Teens late to puberty may end up with weaker bones, finds ne
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Teens who hit puberty late may end up with weaker bones, a new study finds.

In the study, which included more than 6,000 British children, researchers found that kids who experienced their growth spurts — which occur around the age of puberty — late had lower than average bone density in young adulthood.

“Teens who mature later than their peers tend to have lower bone density on average as they grow and so they are likely to have a risk of breaking a bone,” said the study’s lead author Ahmed Elhakeem, an epidemiologist at the University of Bristol. “These later maturing teens did catch up to some degree with early maturing teens in terms of bone strength, but they continued to have lower bone strength after they finished growing and became adults, so they may also be at increased risk for osteoporosis in later life.”

Girls had their growth spurts earlier, at an average age of 11.5, while boys spurted on average at age 13.5. Boys gained bone mineral density at faster rates than girls. The greatest gains in bone density occurred between a year prior to the spurt and two years afterward, the researchers found.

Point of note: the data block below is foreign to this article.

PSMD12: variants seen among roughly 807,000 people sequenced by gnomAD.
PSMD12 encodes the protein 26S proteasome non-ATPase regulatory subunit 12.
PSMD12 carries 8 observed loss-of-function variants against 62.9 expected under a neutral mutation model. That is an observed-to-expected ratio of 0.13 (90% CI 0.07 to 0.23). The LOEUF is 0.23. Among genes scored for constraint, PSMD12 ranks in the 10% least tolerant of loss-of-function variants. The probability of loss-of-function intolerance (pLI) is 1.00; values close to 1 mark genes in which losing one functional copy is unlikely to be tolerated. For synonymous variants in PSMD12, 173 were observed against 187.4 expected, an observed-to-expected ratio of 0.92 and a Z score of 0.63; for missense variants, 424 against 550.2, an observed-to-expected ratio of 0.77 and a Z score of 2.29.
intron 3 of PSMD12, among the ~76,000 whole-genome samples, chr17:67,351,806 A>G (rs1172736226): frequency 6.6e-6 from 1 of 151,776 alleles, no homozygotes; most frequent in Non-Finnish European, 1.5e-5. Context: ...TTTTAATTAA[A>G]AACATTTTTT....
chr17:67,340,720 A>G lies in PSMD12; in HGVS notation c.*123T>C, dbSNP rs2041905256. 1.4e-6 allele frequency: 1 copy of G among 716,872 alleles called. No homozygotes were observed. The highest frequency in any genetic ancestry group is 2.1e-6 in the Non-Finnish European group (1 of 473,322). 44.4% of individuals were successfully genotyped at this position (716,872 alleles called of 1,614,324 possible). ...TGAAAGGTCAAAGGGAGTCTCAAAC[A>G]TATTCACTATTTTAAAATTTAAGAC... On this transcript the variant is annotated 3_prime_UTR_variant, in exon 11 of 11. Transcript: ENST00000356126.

Among both girls and boys, there were faster gains in bone mineral density when the growth spurt came late. But even with speeded up bone density gains, the kids who spurted late never caught up with those who spurted early.

Strength of the new study is that the researchers “had a lot of patients who had (bone density) scans,” said Dr. Robert Rapaport, a professor of pediatrics at the Icahn School of Medicine and chief of pediatric endocrinology and diabetes at the Mount Sinai Health System.

Source: https://pxmd.co/ctjP3